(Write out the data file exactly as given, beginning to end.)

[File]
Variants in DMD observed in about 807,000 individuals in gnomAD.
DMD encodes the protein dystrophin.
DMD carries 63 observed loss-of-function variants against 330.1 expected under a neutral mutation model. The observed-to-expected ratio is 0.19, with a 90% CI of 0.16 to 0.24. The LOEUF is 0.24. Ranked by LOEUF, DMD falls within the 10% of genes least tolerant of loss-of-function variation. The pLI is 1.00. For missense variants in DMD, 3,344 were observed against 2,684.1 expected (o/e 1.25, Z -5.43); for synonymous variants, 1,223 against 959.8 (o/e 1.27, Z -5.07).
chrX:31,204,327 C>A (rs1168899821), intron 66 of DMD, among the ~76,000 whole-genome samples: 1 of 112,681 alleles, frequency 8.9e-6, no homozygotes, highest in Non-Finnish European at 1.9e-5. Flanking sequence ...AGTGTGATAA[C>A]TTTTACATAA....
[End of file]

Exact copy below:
Variants in DMD observed in about 807,000 individuals in gnomAD.
DMD encodes the protein dystrophin.
DMD carries 63 observed loss-of-function variants against 330.1 expected under a neutral mutation model. The observed-to-expected ratio is 0.19, with a 90% CI of 0.16 to 0.24. The LOEUF is 0.24. Ranked by LOEUF, DMD falls within the 10% of genes least tolerant of loss-of-function variation. The pLI is 1.00. For missense variants in DMD, 3,344 were observed against 2,684.1 expected (o/e 1.25, Z -5.43); for synonymous variants, 1,223 against 959.8 (o/e 1.27, Z -5.07).
chrX:31,204,327 C>A (rs1168899821), intron 66 of DMD, among the ~76,000 whole-genome samples: 1 of 112,681 alleles, frequency 8.9e-6, no homozygotes, highest in Non-Finnish European at 1.9e-5. Flanking sequence ...AGTGTGATAA[C>A]TTTTACATAA....